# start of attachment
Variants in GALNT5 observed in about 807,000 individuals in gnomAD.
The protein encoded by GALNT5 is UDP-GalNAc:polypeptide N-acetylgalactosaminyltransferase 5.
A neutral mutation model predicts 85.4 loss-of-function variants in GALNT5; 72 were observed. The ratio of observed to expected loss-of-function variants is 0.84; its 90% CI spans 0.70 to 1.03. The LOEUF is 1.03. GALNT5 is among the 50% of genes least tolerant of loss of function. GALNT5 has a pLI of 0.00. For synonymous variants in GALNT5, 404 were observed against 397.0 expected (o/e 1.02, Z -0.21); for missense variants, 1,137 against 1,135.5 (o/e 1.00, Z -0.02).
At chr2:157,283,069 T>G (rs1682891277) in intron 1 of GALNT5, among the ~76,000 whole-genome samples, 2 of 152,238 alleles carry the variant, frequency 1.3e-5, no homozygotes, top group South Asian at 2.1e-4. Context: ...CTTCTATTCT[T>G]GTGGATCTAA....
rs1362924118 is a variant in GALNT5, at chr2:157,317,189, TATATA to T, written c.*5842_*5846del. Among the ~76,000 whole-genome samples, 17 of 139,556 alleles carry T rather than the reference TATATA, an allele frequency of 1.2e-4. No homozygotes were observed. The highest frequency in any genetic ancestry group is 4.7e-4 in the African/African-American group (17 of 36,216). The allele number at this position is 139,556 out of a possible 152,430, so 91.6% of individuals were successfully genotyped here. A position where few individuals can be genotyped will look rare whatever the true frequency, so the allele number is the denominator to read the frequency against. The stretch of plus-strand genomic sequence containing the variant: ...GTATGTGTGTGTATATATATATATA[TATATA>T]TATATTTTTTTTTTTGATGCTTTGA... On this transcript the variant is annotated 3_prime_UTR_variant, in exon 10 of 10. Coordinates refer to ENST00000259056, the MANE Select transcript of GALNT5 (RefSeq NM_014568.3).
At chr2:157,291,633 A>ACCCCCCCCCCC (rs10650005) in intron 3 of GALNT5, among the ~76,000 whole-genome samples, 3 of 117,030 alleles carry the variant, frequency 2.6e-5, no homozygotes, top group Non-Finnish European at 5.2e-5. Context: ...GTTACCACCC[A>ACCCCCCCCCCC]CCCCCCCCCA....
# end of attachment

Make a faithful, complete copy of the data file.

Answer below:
Variants in GALNT5 observed in about 807,000 individuals in gnomAD.
The protein encoded by GALNT5 is UDP-GalNAc:polypeptide N-acetylgalactosaminyltransferase 5.
A neutral mutation model predicts 85.4 loss-of-function variants in GALNT5; 72 were observed. The ratio of observed to expected loss-of-function variants is 0.84; its 90% CI spans 0.70 to 1.03. The LOEUF is 1.03. GALNT5 is among the 50% of genes least tolerant of loss of function. GALNT5 has a pLI of 0.00. For synonymous variants in GALNT5, 404 were observed against 397.0 expected (o/e 1.02, Z -0.21); for missense variants, 1,137 against 1,135.5 (o/e 1.00, Z -0.02).
At chr2:157,283,069 T>G (rs1682891277) in intron 1 of GALNT5, among the ~76,000 whole-genome samples, 2 of 152,238 alleles carry the variant, frequency 1.3e-5, no homozygotes, top group South Asian at 2.1e-4. Context: ...CTTCTATTCT[T>G]GTGGATCTAA....
rs1362924118 is a variant in GALNT5, at chr2:157,317,189, TATATA to T, written c.*5842_*5846del. Among the ~76,000 whole-genome samples, 17 of 139,556 alleles carry T rather than the reference TATATA, an allele frequency of 1.2e-4. No homozygotes were observed. The highest frequency in any genetic ancestry group is 4.7e-4 in the African/African-American group (17 of 36,216). The allele number at this position is 139,556 out of a possible 152,430, so 91.6% of individuals were successfully genotyped here. A position where few individuals can be genotyped will look rare whatever the true frequency, so the allele number is the denominator to read the frequency against. The stretch of plus-strand genomic sequence containing the variant: ...GTATGTGTGTGTATATATATATATA[TATATA>T]TATATTTTTTTTTTTGATGCTTTGA... On this transcript the variant is annotated 3_prime_UTR_variant, in exon 10 of 10. Coordinates refer to ENST00000259056, the MANE Select transcript of GALNT5 (RefSeq NM_014568.3).
At chr2:157,291,633 A>ACCCCCCCCCCC (rs10650005) in intron 3 of GALNT5, among the ~76,000 whole-genome samples, 3 of 117,030 alleles carry the variant, frequency 2.6e-5, no homozygotes, top group Non-Finnish European at 5.2e-5. Context: ...GTTACCACCC[A>ACCCCCCCCCCC]CCCCCCCCCA....